Or you wouldn’t be able to be obstructionists:
This year Senate Republicans are threatening filibusters to block more legislation than ever before, a pattern that’s rooted in — and could increase — the pettiness and dysfunction in Congress.
The trend has been evolving for 30 years. The reasons behind it are too complex to pin on one party. But it has been especially pronounced since the Democrats’ razor-thin win in last year’s election, giving them effectively a 51-49 Senate majority, and the Republicans’ exile to the minority.
Seven months into the current two-year term, the Senate has held 42 “cloture” votes aimed at shutting off extended debate — filibusters, or sometimes only the threat of one — and moving to up-or-down votes on contested legislation. Under Senate rules that protect a minority’s right to debate, these votes require a 60-vote supermajority in the 100-member Senate.
Democrats have trouble mustering 60 votes; they’ve fallen short 22 times so far this year. That’s largely why they haven’t been able to deliver on their campaign promises.
By sinking a cloture vote this week, Republicans successfully blocked a Democratic bid to withdraw combat troops from Iraq by April, even though a 52-49 Senate majority voted to end debate.
This year Republicans also have blocked votes on immigration legislation, a no-confidence resolution for Attorney General Alberto Gonzales and major legislation dealing with energy, labor rights and prescription drugs.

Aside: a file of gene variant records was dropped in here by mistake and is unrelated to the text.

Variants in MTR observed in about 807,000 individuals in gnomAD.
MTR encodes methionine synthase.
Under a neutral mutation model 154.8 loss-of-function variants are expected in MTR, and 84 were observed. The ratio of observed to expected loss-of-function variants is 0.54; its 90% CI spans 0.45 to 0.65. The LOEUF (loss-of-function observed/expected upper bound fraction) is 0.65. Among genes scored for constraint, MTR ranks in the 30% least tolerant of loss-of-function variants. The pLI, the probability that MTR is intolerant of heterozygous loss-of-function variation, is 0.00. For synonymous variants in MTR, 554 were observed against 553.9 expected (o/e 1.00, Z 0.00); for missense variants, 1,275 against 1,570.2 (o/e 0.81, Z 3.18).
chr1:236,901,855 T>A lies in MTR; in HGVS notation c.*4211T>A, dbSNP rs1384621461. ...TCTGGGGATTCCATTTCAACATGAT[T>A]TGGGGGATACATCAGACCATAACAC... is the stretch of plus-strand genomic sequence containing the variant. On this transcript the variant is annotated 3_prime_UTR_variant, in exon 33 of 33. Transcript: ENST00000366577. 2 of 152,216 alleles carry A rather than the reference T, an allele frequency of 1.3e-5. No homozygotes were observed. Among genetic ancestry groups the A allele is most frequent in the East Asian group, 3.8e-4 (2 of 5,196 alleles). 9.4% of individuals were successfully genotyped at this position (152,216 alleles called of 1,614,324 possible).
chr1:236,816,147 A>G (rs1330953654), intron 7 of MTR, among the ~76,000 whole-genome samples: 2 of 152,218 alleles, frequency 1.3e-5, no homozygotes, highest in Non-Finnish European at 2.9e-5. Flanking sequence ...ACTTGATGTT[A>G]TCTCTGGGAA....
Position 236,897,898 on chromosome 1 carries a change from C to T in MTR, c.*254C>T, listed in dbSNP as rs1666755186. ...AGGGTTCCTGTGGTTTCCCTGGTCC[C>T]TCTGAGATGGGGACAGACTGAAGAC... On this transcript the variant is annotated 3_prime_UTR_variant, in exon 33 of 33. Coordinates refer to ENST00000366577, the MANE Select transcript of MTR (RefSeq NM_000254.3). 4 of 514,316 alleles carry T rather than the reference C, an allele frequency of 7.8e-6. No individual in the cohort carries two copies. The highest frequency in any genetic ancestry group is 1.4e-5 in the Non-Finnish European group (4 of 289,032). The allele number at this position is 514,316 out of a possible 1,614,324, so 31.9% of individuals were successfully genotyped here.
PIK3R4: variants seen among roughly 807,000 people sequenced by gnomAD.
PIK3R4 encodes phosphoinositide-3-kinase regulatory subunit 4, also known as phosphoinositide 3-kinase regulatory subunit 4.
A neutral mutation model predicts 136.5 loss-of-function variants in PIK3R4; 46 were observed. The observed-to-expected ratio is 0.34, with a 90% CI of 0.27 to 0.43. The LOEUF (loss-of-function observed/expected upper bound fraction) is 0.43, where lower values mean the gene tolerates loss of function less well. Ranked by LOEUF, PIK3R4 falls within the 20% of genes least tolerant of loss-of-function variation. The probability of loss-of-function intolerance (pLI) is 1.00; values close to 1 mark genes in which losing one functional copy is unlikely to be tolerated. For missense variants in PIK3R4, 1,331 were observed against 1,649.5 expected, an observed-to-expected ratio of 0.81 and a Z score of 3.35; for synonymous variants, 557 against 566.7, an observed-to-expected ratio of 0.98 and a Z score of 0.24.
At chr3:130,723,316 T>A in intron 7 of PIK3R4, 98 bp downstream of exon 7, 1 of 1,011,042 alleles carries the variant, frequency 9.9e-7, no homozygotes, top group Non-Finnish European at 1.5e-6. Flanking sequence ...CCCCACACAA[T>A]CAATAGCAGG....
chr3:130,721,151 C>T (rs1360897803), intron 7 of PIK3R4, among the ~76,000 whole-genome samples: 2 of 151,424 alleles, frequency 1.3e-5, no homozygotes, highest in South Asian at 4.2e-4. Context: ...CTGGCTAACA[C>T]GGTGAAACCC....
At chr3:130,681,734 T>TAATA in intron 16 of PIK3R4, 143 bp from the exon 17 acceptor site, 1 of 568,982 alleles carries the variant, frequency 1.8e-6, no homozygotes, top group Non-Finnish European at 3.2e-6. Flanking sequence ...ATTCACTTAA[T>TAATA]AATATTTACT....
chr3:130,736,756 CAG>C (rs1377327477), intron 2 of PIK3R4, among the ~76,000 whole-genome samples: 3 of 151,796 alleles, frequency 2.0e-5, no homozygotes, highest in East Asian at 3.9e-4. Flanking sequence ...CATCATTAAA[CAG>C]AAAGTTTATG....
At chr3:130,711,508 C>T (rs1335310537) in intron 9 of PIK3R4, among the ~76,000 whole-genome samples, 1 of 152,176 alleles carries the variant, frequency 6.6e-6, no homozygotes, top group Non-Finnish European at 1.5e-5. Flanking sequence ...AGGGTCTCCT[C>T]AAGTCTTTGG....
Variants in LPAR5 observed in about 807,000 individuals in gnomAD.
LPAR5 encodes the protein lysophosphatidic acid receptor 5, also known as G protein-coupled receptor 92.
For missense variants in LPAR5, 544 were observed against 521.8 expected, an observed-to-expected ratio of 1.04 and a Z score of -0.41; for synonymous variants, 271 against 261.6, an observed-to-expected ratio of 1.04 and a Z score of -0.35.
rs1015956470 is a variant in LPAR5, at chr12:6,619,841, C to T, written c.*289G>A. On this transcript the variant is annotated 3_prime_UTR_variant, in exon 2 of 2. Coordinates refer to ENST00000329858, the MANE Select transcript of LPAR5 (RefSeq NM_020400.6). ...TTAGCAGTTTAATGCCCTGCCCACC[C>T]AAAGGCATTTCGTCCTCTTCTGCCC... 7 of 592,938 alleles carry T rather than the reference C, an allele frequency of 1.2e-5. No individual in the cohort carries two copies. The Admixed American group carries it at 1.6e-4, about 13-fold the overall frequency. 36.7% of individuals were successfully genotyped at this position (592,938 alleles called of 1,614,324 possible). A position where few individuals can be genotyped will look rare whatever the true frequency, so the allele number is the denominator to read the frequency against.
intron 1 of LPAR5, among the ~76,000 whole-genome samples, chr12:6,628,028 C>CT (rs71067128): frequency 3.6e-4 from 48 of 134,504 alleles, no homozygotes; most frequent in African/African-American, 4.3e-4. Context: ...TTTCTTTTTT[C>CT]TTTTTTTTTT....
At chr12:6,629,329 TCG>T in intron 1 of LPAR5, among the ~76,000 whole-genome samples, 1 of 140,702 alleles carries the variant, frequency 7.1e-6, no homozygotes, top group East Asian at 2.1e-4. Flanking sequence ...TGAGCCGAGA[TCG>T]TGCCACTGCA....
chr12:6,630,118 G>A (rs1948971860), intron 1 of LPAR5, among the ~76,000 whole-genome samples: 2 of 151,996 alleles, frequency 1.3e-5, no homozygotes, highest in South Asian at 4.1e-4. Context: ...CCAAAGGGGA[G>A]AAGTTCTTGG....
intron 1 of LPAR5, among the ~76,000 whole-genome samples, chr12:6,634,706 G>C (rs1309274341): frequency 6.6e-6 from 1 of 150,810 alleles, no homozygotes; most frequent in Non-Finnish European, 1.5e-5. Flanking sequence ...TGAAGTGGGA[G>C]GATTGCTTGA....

When you read this story, remember all the hysterical foot-stomping and wailing and gnashing and beating of breasts that took place in late 2004 and early 2005. It is merely more evidence of what I think that the most breathtaking thing about the pigheadedness of the GOP the past few years- how exceptionally short-sighted they are on everything. And I mean everything. Former proponents of the nuclear option will lamely attempt to claim that it only would have applied to the filibustering of judges- you and I know better. Regardless, over and over and over again, the Republicans have acted in a manner that may provide some sort of marginal electoral or political gain in the short-term (Schiavo, anyone?), but damages them and the country in the long term.
If you don’t think the next Democratic President is going to love the Imperial Presidency Bush and Cheney are trying to construct, aided and abetted by a subservient and supine minority (formerly a majority- think that is a coincidence) in Congress, you need your head examined.